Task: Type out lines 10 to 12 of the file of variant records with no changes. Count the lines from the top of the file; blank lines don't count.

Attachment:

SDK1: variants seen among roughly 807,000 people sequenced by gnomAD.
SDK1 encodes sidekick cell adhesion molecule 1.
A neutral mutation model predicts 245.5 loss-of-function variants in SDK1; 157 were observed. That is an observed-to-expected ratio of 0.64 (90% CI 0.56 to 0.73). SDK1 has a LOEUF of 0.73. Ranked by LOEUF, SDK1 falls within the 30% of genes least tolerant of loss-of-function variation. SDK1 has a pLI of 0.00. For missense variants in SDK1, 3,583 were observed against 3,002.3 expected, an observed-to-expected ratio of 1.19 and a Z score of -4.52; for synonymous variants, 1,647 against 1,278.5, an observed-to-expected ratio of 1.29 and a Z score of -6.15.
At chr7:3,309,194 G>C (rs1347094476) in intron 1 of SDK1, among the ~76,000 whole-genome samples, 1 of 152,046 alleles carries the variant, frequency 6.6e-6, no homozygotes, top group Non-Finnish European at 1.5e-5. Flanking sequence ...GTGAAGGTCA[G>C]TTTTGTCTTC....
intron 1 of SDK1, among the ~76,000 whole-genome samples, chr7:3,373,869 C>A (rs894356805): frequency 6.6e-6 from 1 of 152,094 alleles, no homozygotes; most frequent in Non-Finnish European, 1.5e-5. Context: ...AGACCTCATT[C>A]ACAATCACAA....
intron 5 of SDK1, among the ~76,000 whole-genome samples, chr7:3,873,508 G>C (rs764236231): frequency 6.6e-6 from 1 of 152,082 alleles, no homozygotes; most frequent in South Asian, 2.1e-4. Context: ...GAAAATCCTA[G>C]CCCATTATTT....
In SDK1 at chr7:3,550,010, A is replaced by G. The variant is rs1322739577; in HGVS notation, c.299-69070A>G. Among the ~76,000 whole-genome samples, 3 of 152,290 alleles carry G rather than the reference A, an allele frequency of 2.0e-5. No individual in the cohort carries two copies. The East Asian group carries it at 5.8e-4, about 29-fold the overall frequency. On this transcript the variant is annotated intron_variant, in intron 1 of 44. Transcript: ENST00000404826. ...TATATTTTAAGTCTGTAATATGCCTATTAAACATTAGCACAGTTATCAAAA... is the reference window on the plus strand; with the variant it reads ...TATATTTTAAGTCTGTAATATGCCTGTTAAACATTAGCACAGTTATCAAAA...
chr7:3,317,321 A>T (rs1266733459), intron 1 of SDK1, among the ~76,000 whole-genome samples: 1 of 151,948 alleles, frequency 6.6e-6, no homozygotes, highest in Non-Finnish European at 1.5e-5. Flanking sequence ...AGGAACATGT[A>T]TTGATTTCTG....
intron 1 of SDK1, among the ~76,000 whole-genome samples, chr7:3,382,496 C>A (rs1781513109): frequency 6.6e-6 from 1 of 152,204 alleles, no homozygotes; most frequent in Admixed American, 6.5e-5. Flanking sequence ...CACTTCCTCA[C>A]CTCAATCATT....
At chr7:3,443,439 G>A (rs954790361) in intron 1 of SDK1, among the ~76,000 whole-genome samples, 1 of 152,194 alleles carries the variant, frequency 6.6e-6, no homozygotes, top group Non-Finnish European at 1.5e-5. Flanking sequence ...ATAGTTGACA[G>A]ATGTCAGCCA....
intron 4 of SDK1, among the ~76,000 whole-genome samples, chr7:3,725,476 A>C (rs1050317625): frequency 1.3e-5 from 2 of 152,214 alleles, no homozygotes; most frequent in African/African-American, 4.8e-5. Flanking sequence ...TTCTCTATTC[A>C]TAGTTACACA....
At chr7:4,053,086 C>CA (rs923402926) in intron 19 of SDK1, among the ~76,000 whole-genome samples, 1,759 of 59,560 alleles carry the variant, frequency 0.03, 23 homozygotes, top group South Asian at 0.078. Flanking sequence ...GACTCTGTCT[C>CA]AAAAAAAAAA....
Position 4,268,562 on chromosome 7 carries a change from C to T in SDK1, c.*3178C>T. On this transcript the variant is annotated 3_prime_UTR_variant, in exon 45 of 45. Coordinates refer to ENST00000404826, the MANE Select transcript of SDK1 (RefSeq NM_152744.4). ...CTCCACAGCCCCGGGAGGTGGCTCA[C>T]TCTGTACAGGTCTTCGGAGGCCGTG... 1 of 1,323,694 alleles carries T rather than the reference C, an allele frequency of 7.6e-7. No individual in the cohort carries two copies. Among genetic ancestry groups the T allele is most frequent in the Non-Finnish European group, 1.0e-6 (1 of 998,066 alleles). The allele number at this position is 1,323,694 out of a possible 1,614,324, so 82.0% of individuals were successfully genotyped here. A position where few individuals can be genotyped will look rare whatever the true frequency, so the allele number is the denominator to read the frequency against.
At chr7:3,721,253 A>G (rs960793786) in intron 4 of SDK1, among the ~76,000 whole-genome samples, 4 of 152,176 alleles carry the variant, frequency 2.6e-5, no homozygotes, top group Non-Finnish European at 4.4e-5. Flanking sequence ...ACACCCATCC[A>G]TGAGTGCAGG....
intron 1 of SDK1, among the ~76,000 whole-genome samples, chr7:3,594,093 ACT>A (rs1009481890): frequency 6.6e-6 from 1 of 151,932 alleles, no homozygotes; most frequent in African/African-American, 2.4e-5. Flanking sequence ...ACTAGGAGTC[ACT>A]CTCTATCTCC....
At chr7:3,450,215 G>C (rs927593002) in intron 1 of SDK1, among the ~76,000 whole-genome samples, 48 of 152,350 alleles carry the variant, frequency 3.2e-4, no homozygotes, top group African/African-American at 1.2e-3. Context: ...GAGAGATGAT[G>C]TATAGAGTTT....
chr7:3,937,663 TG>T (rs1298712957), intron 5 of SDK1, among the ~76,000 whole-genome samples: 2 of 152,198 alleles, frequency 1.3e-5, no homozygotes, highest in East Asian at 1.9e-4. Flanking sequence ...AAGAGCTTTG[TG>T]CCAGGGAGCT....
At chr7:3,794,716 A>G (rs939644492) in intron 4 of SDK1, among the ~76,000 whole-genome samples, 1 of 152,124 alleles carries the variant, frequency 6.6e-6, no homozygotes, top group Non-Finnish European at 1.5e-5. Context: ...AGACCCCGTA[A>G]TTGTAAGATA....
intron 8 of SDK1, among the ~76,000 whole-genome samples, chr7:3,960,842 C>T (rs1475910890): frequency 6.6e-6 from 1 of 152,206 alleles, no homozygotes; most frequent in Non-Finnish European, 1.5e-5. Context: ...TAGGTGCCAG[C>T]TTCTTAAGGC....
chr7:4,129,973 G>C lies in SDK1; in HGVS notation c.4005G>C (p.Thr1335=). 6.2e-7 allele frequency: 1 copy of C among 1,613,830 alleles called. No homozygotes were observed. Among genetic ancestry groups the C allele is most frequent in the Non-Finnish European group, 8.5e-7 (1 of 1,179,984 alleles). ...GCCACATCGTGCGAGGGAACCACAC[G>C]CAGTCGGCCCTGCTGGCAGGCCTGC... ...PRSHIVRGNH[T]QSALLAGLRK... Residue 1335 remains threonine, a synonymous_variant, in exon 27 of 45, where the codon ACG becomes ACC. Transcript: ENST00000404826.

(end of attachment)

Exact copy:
At chr7:3,443,439 G>A (rs954790361) in intron 1 of SDK1, among the ~76,000 whole-genome samples, 1 of 152,194 alleles carries the variant, frequency 6.6e-6, no homozygotes, top group Non-Finnish European at 1.5e-5. Flanking sequence ...ATAGTTGACA[G>A]ATGTCAGCCA....
intron 4 of SDK1, among the ~76,000 whole-genome samples, chr7:3,725,476 A>C (rs1050317625): frequency 1.3e-5 from 2 of 152,214 alleles, no homozygotes; most frequent in African/African-American, 4.8e-5. Flanking sequence ...TTCTCTATTC[A>C]TAGTTACACA....
At chr7:4,053,086 C>CA (rs923402926) in intron 19 of SDK1, among the ~76,000 whole-genome samples, 1,759 of 59,560 alleles carry the variant, frequency 0.03, 23 homozygotes, top group South Asian at 0.078. Flanking sequence ...GACTCTGTCT[C>CA]AAAAAAAAAA....